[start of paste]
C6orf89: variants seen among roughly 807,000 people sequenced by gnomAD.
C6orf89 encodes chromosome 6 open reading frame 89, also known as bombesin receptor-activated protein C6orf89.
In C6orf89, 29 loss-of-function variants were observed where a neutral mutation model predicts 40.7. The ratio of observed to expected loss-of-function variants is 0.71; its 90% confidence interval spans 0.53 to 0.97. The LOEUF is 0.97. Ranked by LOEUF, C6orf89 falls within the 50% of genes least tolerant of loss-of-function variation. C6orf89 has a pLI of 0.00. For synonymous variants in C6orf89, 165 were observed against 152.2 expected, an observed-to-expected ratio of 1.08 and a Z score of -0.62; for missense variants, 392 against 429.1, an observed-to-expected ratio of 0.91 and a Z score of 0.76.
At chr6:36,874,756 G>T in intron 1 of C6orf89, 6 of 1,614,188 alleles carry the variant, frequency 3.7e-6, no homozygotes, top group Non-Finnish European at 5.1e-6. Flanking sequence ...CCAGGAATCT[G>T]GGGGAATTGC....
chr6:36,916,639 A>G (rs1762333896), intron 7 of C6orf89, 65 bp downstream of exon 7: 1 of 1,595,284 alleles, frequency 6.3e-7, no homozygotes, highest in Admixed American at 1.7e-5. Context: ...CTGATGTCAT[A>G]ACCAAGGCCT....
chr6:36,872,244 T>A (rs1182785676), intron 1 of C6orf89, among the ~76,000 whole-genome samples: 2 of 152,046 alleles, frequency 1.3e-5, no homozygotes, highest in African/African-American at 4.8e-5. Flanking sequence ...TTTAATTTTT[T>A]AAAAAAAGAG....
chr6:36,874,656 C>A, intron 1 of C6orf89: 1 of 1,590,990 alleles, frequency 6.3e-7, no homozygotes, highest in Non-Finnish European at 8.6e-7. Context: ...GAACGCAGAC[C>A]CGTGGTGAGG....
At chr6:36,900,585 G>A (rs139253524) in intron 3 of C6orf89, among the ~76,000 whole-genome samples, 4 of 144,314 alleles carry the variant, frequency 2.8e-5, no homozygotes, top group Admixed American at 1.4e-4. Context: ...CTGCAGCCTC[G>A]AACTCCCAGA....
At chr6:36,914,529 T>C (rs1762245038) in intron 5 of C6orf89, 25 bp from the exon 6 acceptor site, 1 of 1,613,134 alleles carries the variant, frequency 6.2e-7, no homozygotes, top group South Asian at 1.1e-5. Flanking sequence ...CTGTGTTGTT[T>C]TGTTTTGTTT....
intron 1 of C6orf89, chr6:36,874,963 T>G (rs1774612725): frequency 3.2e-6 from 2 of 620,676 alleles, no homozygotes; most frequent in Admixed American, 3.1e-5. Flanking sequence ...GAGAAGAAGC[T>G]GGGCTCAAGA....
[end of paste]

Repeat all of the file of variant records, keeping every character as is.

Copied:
C6orf89: variants seen among roughly 807,000 people sequenced by gnomAD.
C6orf89 encodes chromosome 6 open reading frame 89, also known as bombesin receptor-activated protein C6orf89.
In C6orf89, 29 loss-of-function variants were observed where a neutral mutation model predicts 40.7. The ratio of observed to expected loss-of-function variants is 0.71; its 90% confidence interval spans 0.53 to 0.97. The LOEUF is 0.97. Ranked by LOEUF, C6orf89 falls within the 50% of genes least tolerant of loss-of-function variation. C6orf89 has a pLI of 0.00. For synonymous variants in C6orf89, 165 were observed against 152.2 expected, an observed-to-expected ratio of 1.08 and a Z score of -0.62; for missense variants, 392 against 429.1, an observed-to-expected ratio of 0.91 and a Z score of 0.76.
At chr6:36,874,756 G>T in intron 1 of C6orf89, 6 of 1,614,188 alleles carry the variant, frequency 3.7e-6, no homozygotes, top group Non-Finnish European at 5.1e-6. Flanking sequence ...CCAGGAATCT[G>T]GGGGAATTGC....
chr6:36,916,639 A>G (rs1762333896), intron 7 of C6orf89, 65 bp downstream of exon 7: 1 of 1,595,284 alleles, frequency 6.3e-7, no homozygotes, highest in Admixed American at 1.7e-5. Context: ...CTGATGTCAT[A>G]ACCAAGGCCT....
chr6:36,872,244 T>A (rs1182785676), intron 1 of C6orf89, among the ~76,000 whole-genome samples: 2 of 152,046 alleles, frequency 1.3e-5, no homozygotes, highest in African/African-American at 4.8e-5. Flanking sequence ...TTTAATTTTT[T>A]AAAAAAAGAG....
chr6:36,874,656 C>A, intron 1 of C6orf89: 1 of 1,590,990 alleles, frequency 6.3e-7, no homozygotes, highest in Non-Finnish European at 8.6e-7. Context: ...GAACGCAGAC[C>A]CGTGGTGAGG....
At chr6:36,900,585 G>A (rs139253524) in intron 3 of C6orf89, among the ~76,000 whole-genome samples, 4 of 144,314 alleles carry the variant, frequency 2.8e-5, no homozygotes, top group Admixed American at 1.4e-4. Context: ...CTGCAGCCTC[G>A]AACTCCCAGA....
At chr6:36,914,529 T>C (rs1762245038) in intron 5 of C6orf89, 25 bp from the exon 6 acceptor site, 1 of 1,613,134 alleles carries the variant, frequency 6.2e-7, no homozygotes, top group South Asian at 1.1e-5. Flanking sequence ...CTGTGTTGTT[T>C]TGTTTTGTTT....
intron 1 of C6orf89, chr6:36,874,963 T>G (rs1774612725): frequency 3.2e-6 from 2 of 620,676 alleles, no homozygotes; most frequent in Admixed American, 3.1e-5. Flanking sequence ...GAGAAGAAGC[T>G]GGGCTCAAGA....